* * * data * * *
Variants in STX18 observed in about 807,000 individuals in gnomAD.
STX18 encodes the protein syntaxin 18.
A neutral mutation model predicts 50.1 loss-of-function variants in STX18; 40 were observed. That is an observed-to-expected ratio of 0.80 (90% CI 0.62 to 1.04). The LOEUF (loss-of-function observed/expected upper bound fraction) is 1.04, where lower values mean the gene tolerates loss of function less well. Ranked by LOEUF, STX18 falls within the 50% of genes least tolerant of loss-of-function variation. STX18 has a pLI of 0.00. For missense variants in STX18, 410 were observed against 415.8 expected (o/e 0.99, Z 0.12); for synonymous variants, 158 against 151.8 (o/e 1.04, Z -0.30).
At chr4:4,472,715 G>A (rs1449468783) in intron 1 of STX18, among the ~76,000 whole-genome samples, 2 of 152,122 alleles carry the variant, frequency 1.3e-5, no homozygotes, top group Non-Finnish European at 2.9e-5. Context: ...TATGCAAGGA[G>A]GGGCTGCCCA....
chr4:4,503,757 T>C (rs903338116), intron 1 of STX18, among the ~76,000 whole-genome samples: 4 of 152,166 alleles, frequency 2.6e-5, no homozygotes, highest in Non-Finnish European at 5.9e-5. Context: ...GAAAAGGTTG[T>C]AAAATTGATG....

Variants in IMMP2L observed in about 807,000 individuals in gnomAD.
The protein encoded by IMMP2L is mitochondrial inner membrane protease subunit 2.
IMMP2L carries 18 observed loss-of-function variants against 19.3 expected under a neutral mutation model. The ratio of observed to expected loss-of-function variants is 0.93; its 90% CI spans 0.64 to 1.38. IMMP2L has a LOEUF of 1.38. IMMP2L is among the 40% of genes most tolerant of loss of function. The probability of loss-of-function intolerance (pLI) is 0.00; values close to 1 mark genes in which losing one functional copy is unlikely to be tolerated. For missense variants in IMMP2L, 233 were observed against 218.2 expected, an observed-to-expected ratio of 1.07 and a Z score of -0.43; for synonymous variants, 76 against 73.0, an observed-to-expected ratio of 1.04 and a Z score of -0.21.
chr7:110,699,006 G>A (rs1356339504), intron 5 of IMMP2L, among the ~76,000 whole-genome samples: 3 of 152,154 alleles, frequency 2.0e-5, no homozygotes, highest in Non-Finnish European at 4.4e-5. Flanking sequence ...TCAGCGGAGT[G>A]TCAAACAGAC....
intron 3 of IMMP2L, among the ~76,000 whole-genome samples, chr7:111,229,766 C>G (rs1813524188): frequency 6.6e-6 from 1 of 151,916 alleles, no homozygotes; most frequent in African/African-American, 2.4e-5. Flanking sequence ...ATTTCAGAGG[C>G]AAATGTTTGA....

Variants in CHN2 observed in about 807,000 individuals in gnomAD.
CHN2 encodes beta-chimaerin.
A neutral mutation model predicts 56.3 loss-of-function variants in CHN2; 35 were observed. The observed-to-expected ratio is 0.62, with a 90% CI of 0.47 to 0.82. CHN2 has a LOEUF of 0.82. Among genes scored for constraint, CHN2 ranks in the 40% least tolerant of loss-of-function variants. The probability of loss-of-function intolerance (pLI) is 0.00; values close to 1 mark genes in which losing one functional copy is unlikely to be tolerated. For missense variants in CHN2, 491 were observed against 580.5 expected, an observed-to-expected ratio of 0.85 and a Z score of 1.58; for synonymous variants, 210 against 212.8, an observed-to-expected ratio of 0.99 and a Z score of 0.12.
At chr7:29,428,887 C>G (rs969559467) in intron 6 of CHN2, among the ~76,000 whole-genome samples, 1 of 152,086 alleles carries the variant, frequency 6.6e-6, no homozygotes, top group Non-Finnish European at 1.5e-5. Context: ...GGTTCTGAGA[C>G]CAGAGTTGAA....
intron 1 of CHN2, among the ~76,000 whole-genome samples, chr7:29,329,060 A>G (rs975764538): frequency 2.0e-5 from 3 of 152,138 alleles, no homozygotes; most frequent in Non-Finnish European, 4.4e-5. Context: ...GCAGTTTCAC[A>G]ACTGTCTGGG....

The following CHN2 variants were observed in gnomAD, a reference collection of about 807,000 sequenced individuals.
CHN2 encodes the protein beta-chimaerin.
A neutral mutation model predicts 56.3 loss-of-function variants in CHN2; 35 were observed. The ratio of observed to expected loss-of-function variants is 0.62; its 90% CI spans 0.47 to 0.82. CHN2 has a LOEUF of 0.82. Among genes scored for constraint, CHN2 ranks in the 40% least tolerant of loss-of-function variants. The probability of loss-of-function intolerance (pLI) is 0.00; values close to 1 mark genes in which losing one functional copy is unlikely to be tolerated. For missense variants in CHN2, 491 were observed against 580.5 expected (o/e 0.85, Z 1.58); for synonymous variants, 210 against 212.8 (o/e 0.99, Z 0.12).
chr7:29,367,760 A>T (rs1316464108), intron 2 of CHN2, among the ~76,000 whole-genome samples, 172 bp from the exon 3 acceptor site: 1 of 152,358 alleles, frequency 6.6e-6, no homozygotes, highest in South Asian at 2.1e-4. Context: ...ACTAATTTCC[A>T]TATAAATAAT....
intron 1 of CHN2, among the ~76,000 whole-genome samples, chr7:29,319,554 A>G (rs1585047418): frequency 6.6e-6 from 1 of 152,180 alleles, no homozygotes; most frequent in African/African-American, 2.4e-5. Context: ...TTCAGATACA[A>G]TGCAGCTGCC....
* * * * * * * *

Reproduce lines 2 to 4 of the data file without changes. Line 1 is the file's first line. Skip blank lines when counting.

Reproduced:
STX18 encodes the protein syntaxin 18.
A neutral mutation model predicts 50.1 loss-of-function variants in STX18; 40 were observed. That is an observed-to-expected ratio of 0.80 (90% CI 0.62 to 1.04). The LOEUF (loss-of-function observed/expected upper bound fraction) is 1.04, where lower values mean the gene tolerates loss of function less well. Ranked by LOEUF, STX18 falls within the 50% of genes least tolerant of loss-of-function variation. STX18 has a pLI of 0.00. For missense variants in STX18, 410 were observed against 415.8 expected (o/e 0.99, Z 0.12); for synonymous variants, 158 against 151.8 (o/e 1.04, Z -0.30).
At chr4:4,472,715 G>A (rs1449468783) in intron 1 of STX18, among the ~76,000 whole-genome samples, 2 of 152,122 alleles carry the variant, frequency 1.3e-5, no homozygotes, top group Non-Finnish European at 2.9e-5. Context: ...TATGCAAGGA[G>A]GGGCTGCCCA....